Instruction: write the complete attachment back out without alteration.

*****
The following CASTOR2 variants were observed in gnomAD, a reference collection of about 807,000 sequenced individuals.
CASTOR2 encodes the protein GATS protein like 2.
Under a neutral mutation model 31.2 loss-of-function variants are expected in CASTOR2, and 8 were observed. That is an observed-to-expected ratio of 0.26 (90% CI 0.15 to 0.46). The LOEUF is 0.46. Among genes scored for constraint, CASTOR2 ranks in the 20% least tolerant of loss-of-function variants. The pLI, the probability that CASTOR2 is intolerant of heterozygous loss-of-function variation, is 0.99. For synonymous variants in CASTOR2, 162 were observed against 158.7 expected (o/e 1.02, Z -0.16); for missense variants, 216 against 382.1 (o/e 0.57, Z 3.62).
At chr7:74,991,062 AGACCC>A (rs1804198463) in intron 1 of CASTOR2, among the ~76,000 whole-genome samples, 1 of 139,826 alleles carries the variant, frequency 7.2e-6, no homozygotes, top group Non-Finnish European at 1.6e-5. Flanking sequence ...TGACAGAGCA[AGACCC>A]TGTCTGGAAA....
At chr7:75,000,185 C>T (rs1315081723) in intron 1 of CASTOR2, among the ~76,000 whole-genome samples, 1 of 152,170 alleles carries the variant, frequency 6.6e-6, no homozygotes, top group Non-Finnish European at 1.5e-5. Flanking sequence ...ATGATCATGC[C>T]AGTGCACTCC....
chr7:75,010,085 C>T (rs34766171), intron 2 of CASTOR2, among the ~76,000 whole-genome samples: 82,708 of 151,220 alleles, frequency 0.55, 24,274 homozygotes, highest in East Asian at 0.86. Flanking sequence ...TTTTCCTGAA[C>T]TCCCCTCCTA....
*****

The following CASTOR2 variants were observed in gnomAD, a reference collection of about 807,000 sequenced individuals.
CASTOR2 encodes the protein GATS protein like 2.
Under a neutral mutation model 31.2 loss-of-function variants are expected in CASTOR2, and 8 were observed. That is an observed-to-expected ratio of 0.26 (90% CI 0.15 to 0.46). The LOEUF is 0.46. Among genes scored for constraint, CASTOR2 ranks in the 20% least tolerant of loss-of-function variants. The pLI, the probability that CASTOR2 is intolerant of heterozygous loss-of-function variation, is 0.99. For synonymous variants in CASTOR2, 162 were observed against 158.7 expected (o/e 1.02, Z -0.16); for missense variants, 216 against 382.1 (o/e 0.57, Z 3.62).
At chr7:74,991,062 AGACCC>A (rs1804198463) in intron 1 of CASTOR2, among the ~76,000 whole-genome samples, 1 of 139,826 alleles carries the variant, frequency 7.2e-6, no homozygotes, top group Non-Finnish European at 1.6e-5. Flanking sequence ...TGACAGAGCA[AGACCC>A]TGTCTGGAAA....
At chr7:75,000,185 C>T (rs1315081723) in intron 1 of CASTOR2, among the ~76,000 whole-genome samples, 1 of 152,170 alleles carries the variant, frequency 6.6e-6, no homozygotes, top group Non-Finnish European at 1.5e-5. Flanking sequence ...ATGATCATGC[C>T]AGTGCACTCC....
chr7:75,010,085 C>T (rs34766171), intron 2 of CASTOR2, among the ~76,000 whole-genome samples: 82,708 of 151,220 alleles, frequency 0.55, 24,274 homozygotes, highest in East Asian at 0.86. Flanking sequence ...TTTTCCTGAA[C>T]TCCCCTCCTA....